Sunday, October 14, 2012

My recipes in Home & Garden (Kodu & Aed), October 2012

Kodu & Aed, oktoober 2012 (minu esimene toimetatud köögirubriik / I'm their new food editor)

This is the cover of the October issue of one of the best-selling home magazines in Estonia, Kodu and Aed (Home and Garden) and it has my name on the cover page :)

"How come?", you wonder.

In early September I got a phone call from their editor-in-chief, Ms Veigel, asking if I'd be interested in being the editor of the food section. The phone call was totally unexpected and came out of the blue - but as I am unable to return to my academic post at the University just now, I decided to say yes. It all went very quickly then - turned out they wanted me to be in charge of the October issue already and I had about a fortnight to come up with the menu and do the photoshoot. With the help of Juta Kübarsepp, the photographer, we ended up with the following "Pille Petersoo sügismarjamenüü" aka my autumn berries menu. The concept behind the menu was that while Estonians are very good in forageing for wild forest berries (cranberries, blueberries, bilberries, cloudberries, lingonberries and such like), they often overlook the berries in our own garden. Hence I focused on black aronia aka chokeberries (a popular and very beautiful hedge plant, the berries are mainly used for making cordial), sea-buckthorn berries (the super-berry of 1990s and 2000s over here) and rowanberries (the berries of rowan or mountain ash; see also and article in The Guardian).  All three are pretty abundant, especially if you live in a small garden town or on the countryside, yet the vitamin-rich and antioxydant-rich fruit of those trees/bushes are too often left for birds to eat (while trendy urbanites spend a fortune on exotic super-berries like acai, goji, golden inca etc).

Here's the menu, photos by Juta Kübarsepp. 

Gravadlax with sea-buckthorn juice and berries: Õrnsoolatud forelli- või lõhefilee astelpajuga / Gravadlax with sea-buckthorn juice and berries

My autumn berry menu began with lightly salted salmon filet (rainbow trout would be excellent, too), that had been seasoned with salt, sugar, pepper and concentrated sea-buckthorn juice. After 24 hours in the fridge, the fish was thinly sliced and garnished with whole sea-buckthorn berries.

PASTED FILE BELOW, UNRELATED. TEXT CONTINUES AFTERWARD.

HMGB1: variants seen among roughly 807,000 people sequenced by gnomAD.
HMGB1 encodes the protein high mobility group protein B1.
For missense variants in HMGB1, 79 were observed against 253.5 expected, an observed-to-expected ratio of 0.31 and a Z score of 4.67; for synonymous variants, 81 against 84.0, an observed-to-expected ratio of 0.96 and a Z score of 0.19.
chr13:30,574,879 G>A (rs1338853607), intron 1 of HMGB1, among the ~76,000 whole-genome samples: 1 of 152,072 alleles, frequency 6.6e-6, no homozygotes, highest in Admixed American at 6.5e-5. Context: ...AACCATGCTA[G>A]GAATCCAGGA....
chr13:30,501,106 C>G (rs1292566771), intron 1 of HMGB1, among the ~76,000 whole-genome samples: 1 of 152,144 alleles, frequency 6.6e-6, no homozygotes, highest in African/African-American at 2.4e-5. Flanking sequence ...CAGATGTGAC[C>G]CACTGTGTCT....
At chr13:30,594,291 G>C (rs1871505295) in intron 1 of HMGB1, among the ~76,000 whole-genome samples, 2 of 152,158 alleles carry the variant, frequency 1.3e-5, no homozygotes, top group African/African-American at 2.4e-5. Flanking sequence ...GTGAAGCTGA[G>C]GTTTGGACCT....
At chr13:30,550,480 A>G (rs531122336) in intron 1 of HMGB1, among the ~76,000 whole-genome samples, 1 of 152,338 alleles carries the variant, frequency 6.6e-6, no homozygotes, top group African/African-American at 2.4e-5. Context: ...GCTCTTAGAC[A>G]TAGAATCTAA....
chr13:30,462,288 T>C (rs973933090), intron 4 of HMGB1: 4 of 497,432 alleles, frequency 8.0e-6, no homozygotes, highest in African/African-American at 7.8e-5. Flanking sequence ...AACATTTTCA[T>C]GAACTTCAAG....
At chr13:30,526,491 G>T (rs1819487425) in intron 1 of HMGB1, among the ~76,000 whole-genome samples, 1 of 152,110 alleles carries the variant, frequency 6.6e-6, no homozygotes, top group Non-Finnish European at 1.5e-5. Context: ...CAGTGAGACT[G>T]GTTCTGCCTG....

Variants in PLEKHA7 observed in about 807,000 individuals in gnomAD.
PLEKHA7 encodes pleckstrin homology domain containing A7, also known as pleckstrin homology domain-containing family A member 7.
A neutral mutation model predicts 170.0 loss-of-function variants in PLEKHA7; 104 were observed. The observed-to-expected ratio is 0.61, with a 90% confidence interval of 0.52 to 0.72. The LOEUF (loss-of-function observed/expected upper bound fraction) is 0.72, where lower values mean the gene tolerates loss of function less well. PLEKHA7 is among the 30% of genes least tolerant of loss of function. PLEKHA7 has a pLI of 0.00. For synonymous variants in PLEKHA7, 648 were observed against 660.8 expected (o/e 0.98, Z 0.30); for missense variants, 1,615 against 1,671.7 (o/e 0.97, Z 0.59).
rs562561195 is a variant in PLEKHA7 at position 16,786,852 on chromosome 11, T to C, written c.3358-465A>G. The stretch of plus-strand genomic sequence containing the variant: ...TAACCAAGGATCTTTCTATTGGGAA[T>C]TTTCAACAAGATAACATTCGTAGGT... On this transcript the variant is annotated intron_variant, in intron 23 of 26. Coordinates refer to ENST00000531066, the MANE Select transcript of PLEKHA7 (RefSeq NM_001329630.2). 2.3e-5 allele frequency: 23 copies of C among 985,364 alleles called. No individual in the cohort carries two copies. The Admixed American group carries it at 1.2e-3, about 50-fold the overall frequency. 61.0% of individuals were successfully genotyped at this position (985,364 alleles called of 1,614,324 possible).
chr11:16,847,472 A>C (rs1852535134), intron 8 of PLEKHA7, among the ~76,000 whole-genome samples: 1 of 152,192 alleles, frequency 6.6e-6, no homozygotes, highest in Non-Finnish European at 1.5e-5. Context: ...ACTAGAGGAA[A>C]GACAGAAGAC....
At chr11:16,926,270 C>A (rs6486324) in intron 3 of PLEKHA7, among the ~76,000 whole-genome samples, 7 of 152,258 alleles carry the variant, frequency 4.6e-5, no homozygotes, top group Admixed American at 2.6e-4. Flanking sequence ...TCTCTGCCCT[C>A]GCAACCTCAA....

Beef or venison "olives" with rowanberry gravy, accompanied with carrot ragout:
Liharullid pihlakakastmega ning porgandiraguu / Beef "olives" with rowanberry gravy, carrot ragout
The sliced beef or venison is topped with sliced carrot, onion and some rowanberries, then rolled up, fried in the mixture of butter and oil, and then simmered in liquid until done.  The carrot ragout is a simple mix of sliced carrots, onions, oil, water, rosemary and seasonings. Earlier versions of both recipes have been featured here on Nami-Nami about five years ago (see here).

Black aronia smoothie and whipped semolina pudding with apples and black aronia berries:
Aroonia-õunamannavaht & arooniasmuuti / Black aronia smoothie and black aronia and apple pudding

The smoothie is a mix of banana, a handful of black aronia berries, a spoonful of kama or oat bran or oats, a cup of kefir or plain yogurt, sweetened with honey or maple syrup. The whipped semolina pudding (mannavaht) is made with water, apples, black aronia berries, sugar and (wholemeal or spelt) semolina/cream of wheat.

Sea-buckthorn smoothie and sea-buckthorn kissel with crispy rye bread crumbs:
Astelpajusmuuti & kissell krõbeda rukkipuruga / Sea-buckthorn smoothie and sea-buckthorn kissel with crispy rye bread crumbs
The smoothie is a mix of banana, regular or oat milk, (frozen) sea-buckthorn berries or undiluted juice, sweetened with honey or maple syrup. The fruit soup (kissel) contains water, sugar, pureéd sea-buckthorn berries and potato starch/flour (cornflour would do), served with curd cheese mouse and garnished with crispy rye bread crumbs.

How do you like the menu? Are you familiar with any of the berries and if yes, then how do you tend to use them in the kitchen.

We shot the November issue last week and are shooting the December one in a few days, so there's a lot of cooking and writing going on at our house just now.

8 comments:

Joanna said...

I love Rowan berries and often make jam from them but not this year, we did not have one out on our land. I have bought a sea buckthorn though for future use but aronia is not one I am familiar with. I am not sure I can identify it yet from the pictures on the internet. I shall have to make more of an effort as I intend to have edible hedges around my allotment plots here in Latvia.

Pille said...

Joanna - as far as I know, black aronia is very well known in Latvia as well. The Latin name is Aronia melanocarpa and in Latvian simply aronijas. I'm sure you'll be able to find the plants - they're extremely beautiful in the autumn, with the colourful purple-red-orange foliage1

brodahl jahren said...

Jeg elsker Rowan bær og ofte lage syltetøy fra dem, men ikke i år, vi har ikke en ut på vårt land.

Huskatalog

Roxy said...

Lovely. My friends here know I'm friends with an Estonian celebrity! They think it's cooool x

Alice @ Cheap Sheds said...

Smoothies are my favorites and I love these new ideas. It looks really delicious. Yum!

heidih said...

Congratulations! The use of the local and to me different ingredients is fantastic.

Scott at Real Epicurean said...

The kissel sounds amazing - very seasonal.

Magdalena said...

ha, ha it is nice to receive the telephone call from the editor with such a proposition:) I love berries, in Poland in general we love all tyes of berries :)